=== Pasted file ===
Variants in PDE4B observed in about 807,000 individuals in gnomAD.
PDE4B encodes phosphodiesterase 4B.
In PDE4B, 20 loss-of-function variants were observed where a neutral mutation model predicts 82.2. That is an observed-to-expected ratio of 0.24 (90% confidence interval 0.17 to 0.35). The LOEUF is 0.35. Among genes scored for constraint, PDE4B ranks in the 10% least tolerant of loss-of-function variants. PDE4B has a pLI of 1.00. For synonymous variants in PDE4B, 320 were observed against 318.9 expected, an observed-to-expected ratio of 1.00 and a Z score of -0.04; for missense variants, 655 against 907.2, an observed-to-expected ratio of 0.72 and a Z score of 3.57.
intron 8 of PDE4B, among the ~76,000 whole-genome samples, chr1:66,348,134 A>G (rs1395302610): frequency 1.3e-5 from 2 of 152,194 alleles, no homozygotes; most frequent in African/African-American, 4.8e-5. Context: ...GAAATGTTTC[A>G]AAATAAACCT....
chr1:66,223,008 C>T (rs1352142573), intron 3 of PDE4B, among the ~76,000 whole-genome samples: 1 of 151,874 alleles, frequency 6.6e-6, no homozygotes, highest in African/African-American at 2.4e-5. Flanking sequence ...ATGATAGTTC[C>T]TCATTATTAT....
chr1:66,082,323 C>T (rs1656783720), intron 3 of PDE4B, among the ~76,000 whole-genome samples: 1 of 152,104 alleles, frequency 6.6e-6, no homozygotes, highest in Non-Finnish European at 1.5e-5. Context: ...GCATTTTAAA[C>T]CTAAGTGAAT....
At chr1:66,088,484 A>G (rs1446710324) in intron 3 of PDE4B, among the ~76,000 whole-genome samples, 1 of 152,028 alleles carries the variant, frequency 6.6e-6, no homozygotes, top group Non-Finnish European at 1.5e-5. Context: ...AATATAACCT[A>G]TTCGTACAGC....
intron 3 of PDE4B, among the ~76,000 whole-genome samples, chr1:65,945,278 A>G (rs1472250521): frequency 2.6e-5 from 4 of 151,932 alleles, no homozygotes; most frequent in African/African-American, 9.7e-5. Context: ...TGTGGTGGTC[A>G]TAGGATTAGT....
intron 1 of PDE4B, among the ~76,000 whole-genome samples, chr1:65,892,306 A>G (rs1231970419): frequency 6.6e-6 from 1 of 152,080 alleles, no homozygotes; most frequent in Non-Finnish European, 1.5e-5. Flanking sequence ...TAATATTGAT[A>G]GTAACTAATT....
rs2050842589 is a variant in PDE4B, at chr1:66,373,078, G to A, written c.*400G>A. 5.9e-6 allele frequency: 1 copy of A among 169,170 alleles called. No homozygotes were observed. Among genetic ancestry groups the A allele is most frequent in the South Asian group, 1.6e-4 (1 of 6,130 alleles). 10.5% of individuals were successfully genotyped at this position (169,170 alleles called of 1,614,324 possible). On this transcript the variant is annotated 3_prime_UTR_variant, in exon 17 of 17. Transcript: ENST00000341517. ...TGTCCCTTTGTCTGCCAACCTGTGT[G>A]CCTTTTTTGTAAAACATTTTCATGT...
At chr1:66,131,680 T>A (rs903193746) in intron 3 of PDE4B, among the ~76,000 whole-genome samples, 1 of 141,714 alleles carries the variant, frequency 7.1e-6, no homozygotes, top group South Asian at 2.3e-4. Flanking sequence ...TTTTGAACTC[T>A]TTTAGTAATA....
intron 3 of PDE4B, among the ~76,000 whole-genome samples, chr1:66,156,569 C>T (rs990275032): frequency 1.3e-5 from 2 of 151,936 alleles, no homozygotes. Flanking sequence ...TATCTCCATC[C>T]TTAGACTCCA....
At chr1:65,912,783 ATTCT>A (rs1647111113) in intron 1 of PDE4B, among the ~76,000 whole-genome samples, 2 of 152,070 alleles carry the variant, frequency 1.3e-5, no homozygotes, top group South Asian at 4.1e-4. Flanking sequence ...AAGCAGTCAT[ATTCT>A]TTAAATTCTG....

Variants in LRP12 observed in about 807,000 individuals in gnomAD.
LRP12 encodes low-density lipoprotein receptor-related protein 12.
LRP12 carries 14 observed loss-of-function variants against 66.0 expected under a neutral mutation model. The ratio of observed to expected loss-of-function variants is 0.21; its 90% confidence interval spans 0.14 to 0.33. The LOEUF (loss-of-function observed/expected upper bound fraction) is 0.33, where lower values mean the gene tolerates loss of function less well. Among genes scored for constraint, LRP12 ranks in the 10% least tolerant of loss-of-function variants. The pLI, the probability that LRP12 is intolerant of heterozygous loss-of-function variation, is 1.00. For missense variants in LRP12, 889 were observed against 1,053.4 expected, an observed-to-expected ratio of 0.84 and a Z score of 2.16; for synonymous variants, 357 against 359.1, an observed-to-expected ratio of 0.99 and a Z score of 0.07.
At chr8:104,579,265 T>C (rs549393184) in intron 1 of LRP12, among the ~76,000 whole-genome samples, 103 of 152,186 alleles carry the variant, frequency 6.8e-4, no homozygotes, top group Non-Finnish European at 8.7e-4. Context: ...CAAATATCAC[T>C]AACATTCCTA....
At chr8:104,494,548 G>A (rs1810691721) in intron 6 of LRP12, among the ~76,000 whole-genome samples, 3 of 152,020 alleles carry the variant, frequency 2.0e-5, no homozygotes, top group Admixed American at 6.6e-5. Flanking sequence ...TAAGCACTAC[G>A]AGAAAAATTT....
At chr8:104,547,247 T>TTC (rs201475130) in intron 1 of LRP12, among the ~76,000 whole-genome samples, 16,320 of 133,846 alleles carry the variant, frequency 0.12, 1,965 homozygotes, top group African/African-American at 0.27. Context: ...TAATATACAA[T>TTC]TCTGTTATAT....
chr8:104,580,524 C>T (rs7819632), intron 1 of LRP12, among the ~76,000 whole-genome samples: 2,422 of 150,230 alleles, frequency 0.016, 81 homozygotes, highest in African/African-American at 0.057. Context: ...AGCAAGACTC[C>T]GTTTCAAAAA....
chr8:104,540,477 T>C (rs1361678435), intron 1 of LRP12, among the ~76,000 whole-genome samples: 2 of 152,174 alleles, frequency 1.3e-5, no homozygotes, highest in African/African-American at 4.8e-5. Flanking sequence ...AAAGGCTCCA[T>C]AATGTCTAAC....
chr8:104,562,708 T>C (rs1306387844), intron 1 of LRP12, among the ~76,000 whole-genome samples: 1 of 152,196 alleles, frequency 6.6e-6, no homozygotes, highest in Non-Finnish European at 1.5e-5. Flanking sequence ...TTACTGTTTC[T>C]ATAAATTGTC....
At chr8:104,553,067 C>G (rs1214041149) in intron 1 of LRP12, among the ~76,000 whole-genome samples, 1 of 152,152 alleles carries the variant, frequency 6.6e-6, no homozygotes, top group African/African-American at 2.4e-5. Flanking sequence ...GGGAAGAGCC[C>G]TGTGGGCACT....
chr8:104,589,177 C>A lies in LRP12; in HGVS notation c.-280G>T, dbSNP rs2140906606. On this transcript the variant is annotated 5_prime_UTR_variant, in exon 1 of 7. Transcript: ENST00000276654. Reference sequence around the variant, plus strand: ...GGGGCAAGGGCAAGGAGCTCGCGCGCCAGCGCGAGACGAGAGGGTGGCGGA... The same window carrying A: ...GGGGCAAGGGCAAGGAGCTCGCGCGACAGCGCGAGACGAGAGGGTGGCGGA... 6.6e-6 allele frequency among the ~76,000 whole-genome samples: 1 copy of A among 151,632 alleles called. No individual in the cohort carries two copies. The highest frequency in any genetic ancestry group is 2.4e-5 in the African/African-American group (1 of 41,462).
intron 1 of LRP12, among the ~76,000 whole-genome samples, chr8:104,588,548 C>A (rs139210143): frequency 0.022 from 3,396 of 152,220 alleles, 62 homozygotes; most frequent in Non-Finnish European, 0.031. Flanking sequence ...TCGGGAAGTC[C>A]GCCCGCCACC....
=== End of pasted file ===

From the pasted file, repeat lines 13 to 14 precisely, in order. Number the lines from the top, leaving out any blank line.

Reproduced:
At chr1:65,912,783 ATTCT>A (rs1647111113) in intron 1 of PDE4B, among the ~76,000 whole-genome samples, 2 of 152,070 alleles carry the variant, frequency 1.3e-5, no homozygotes, top group South Asian at 4.1e-4. Flanking sequence ...AAGCAGTCAT[ATTCT>A]TTAAATTCTG....

Variants in LRP12 observed in about 807,000 individuals in gnomAD.